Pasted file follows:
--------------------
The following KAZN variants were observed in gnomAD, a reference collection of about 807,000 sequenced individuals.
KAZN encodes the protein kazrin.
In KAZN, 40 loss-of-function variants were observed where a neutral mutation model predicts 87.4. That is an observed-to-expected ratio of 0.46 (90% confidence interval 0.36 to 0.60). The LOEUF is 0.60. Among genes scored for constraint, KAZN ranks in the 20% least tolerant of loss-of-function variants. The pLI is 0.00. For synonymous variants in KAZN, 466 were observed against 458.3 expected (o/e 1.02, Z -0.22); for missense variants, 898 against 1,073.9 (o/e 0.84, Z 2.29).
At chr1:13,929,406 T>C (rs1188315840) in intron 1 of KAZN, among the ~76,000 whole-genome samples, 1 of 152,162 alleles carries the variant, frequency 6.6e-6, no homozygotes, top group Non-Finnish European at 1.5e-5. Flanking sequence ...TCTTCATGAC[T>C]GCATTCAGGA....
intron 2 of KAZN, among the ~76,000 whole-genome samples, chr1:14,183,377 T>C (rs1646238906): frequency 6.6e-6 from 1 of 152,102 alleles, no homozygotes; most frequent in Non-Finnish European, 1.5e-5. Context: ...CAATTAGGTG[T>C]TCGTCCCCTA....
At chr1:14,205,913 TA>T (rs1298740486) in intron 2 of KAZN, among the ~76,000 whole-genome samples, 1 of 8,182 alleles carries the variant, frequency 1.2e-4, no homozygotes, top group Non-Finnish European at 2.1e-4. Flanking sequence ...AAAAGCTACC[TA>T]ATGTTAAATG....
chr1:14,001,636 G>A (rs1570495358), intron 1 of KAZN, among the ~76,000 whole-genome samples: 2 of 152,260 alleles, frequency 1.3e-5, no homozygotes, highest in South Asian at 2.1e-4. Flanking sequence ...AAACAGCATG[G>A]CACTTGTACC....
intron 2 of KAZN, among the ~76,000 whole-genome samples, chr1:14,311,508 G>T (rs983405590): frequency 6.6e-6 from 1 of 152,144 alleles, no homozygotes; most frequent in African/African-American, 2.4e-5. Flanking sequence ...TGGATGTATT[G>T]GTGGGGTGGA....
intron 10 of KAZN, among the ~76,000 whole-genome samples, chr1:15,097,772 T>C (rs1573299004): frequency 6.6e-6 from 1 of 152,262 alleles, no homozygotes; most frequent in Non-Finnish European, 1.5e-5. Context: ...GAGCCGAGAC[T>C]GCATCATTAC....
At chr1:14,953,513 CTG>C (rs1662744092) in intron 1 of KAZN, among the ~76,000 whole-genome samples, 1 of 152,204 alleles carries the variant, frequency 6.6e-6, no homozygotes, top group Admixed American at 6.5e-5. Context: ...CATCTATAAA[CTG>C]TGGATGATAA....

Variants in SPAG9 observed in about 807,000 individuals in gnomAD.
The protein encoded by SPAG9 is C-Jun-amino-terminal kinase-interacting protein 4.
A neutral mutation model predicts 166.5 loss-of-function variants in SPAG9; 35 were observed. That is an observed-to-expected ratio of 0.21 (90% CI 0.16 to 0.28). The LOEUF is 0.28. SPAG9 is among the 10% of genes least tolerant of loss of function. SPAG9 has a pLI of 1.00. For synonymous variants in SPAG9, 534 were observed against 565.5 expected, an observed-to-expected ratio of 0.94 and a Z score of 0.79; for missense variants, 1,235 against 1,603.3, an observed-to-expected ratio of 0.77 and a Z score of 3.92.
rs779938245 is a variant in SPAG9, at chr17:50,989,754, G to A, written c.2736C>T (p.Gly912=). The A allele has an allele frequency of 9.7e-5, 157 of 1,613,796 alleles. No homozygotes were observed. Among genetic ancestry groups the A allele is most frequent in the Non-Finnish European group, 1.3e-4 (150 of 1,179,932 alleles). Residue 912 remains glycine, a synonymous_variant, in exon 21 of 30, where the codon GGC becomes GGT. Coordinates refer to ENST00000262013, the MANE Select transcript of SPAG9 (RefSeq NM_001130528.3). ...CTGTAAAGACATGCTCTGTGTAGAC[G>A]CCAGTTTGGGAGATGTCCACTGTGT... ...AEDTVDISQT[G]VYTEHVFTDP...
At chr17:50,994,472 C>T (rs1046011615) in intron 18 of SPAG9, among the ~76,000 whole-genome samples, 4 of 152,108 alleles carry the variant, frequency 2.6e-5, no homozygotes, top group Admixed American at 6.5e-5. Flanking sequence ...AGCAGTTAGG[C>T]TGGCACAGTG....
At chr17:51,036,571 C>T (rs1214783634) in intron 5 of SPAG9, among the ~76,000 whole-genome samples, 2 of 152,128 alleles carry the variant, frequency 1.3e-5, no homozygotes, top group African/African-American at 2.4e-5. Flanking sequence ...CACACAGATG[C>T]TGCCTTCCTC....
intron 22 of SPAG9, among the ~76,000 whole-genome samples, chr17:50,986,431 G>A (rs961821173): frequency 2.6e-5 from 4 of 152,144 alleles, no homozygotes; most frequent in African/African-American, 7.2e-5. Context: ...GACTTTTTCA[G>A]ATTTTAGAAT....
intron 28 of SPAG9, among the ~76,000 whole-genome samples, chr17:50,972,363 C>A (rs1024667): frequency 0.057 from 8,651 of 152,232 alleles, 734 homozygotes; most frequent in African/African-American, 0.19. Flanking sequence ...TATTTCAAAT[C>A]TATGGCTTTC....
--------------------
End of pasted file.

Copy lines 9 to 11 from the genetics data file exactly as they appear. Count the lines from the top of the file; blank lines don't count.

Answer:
intron 10 of KAZN, among the ~76,000 whole-genome samples, chr1:15,097,772 T>C (rs1573299004): frequency 6.6e-6 from 1 of 152,262 alleles, no homozygotes; most frequent in Non-Finnish European, 1.5e-5. Context: ...GAGCCGAGAC[T>C]GCATCATTAC....
At chr1:14,953,513 CTG>C (rs1662744092) in intron 1 of KAZN, among the ~76,000 whole-genome samples, 1 of 152,204 alleles carries the variant, frequency 6.6e-6, no homozygotes, top group Admixed American at 6.5e-5. Context: ...CATCTATAAA[CTG>C]TGGATGATAA....

Variants in SPAG9 observed in about 807,000 individuals in gnomAD.